In the professional workforce in general, and particularly in the fields of IT and technology services, you hear a great deal about the importance of developing “soft skills” as a means of increasing one’s organizational value and accelerating career advancement.
What exactly are “soft skills”? Many a definition exists but I think the simplest and most effective examples are the ability to listen effectively and comprehensively, hold meaningful dialogues and have difficult conversations when required. Historically, these skills may not have been not broadly taught by employers, but there is growing evidence that this is changing. This is a good thing because we all learn at a different pace and in different ways.
Back when this type of training was less pervasive, I became an IT leader at a fairly young age thanks largely to my strong technical skills and experience. However, despite these advantages, the honest truth is that I lacked those “softer” skills required to be a successful business leader within an organization.
The biggest surprise for me was that building strong relationships with stakeholders within and outside of my organization was a key factor to success. At that point, I naively assumed that my technical knowledge and ability to solve complex technical problems were the only requirements for achieving success in IT. Looking back now, that was extremely presumptuous. Working within the constraints of that “self-imposed bubble” created more inefficiencies and turbulence than I would have ever thought.
To identify why some IT initiatives and projects were more successful than others, I took a deep dive into the intricacies of all of our engagements. I quickly identified a common theme among my IT teams’ most successful projects; they all had a strong and trustworthy relationship between IT and business unit(s) stakeholders.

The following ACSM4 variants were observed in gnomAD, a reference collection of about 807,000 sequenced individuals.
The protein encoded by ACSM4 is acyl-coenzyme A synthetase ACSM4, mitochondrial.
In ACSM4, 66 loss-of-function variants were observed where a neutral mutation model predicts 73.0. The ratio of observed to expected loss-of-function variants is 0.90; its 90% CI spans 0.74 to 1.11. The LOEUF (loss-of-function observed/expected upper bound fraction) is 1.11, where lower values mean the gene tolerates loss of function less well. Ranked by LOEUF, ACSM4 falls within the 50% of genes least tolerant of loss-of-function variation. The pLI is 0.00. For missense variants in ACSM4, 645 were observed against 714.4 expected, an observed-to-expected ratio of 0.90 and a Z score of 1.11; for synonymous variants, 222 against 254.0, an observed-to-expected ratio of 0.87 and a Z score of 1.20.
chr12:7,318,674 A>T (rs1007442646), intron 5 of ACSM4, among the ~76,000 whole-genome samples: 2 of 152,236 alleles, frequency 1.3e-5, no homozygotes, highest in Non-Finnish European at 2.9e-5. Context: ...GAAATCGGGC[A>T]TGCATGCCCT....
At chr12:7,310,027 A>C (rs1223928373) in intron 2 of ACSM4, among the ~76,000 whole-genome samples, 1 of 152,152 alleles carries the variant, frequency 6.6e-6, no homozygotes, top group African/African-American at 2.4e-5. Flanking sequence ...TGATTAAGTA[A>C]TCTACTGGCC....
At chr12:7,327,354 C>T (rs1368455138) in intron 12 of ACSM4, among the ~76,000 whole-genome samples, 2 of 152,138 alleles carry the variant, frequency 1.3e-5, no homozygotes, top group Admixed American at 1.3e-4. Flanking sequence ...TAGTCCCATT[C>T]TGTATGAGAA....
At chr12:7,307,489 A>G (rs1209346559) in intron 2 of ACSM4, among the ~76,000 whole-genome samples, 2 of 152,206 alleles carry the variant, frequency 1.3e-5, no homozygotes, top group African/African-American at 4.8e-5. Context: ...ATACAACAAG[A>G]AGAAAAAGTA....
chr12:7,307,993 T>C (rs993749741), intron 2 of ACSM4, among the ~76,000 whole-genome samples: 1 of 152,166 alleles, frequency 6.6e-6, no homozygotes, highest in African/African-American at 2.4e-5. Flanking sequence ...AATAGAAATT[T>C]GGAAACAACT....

Deeper analysis revealed that these initiatives were profoundly more effective in success criteria like user satisfaction, on time and on budget projects, defect counts, change orders amounts, higher levels of user adoption, and more. This convinced me that it was time to migrate from a model of success driven by chance to a model of success driven by design. This required I take a step back and begin sharpening the softer skills needed to ensure that we could duplicate these high probabilities of success across all IT initiatives. And the first step was to build those strong relationships across the entire business.
There are decades worth of research that proves trustworthiness is the foundation of the strongest relationships. To gain trust, the people around us must view us as competent and emotionally warm. This validated for me that competence, the ability that was prevalent for me and my team, was only half the battle. Being technically skilled showed that we could meet technology goals, but the ability to collaborate to build common goals and purpose across the organization was lacking.
My suggestion to new IT leaders is to work hard to sharpen your leadership and soft skills to build strong, long-term, trusted relationships. In starting this journey, I recommend that IT professionals strengthen their skills in emotional intelligence and build a personal brand as a trusted advisor to the business.
Emotional Intelligence allows individuals to be deeply in tune with their emotions, colleagues’ emotions, the environment, and to best manage those relationships. Developing a brand as a trusted advisor allows IT leaders to become a more strategic voice to the business, in turn building trust across the organization.
By nurturing strong relationships across the organization, focusing on emotional intelligence, and becoming a trusted advisor, IT leaders and their teams can become more successful strategic influencers and contributors to the business.
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